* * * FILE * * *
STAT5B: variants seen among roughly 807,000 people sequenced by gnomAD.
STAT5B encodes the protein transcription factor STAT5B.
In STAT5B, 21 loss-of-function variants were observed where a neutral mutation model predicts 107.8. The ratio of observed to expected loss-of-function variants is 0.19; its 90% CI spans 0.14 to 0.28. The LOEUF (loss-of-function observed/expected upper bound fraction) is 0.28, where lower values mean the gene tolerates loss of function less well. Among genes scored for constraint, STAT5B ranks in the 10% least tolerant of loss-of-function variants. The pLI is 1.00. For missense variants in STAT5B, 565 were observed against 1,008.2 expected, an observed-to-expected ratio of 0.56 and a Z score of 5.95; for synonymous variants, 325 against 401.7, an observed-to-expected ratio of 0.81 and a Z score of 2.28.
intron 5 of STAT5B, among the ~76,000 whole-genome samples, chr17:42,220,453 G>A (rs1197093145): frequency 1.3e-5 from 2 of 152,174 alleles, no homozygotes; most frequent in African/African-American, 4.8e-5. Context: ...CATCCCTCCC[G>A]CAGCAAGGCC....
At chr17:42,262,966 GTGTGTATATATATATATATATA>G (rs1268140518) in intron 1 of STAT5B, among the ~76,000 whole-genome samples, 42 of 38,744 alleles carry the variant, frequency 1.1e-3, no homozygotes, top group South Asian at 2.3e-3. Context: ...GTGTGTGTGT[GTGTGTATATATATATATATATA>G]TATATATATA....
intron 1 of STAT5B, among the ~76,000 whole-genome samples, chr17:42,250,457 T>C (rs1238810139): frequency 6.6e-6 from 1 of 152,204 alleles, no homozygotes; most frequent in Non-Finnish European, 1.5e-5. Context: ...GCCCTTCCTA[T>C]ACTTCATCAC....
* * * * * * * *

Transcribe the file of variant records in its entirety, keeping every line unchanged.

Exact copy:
STAT5B: variants seen among roughly 807,000 people sequenced by gnomAD.
STAT5B encodes the protein transcription factor STAT5B.
In STAT5B, 21 loss-of-function variants were observed where a neutral mutation model predicts 107.8. The ratio of observed to expected loss-of-function variants is 0.19; its 90% CI spans 0.14 to 0.28. The LOEUF (loss-of-function observed/expected upper bound fraction) is 0.28, where lower values mean the gene tolerates loss of function less well. Among genes scored for constraint, STAT5B ranks in the 10% least tolerant of loss-of-function variants. The pLI is 1.00. For missense variants in STAT5B, 565 were observed against 1,008.2 expected, an observed-to-expected ratio of 0.56 and a Z score of 5.95; for synonymous variants, 325 against 401.7, an observed-to-expected ratio of 0.81 and a Z score of 2.28.
intron 5 of STAT5B, among the ~76,000 whole-genome samples, chr17:42,220,453 G>A (rs1197093145): frequency 1.3e-5 from 2 of 152,174 alleles, no homozygotes; most frequent in African/African-American, 4.8e-5. Context: ...CATCCCTCCC[G>A]CAGCAAGGCC....
At chr17:42,262,966 GTGTGTATATATATATATATATA>G (rs1268140518) in intron 1 of STAT5B, among the ~76,000 whole-genome samples, 42 of 38,744 alleles carry the variant, frequency 1.1e-3, no homozygotes, top group South Asian at 2.3e-3. Context: ...GTGTGTGTGT[GTGTGTATATATATATATATATA>G]TATATATATA....
intron 1 of STAT5B, among the ~76,000 whole-genome samples, chr17:42,250,457 T>C (rs1238810139): frequency 6.6e-6 from 1 of 152,204 alleles, no homozygotes; most frequent in Non-Finnish European, 1.5e-5. Context: ...GCCCTTCCTA[T>C]ACTTCATCAC....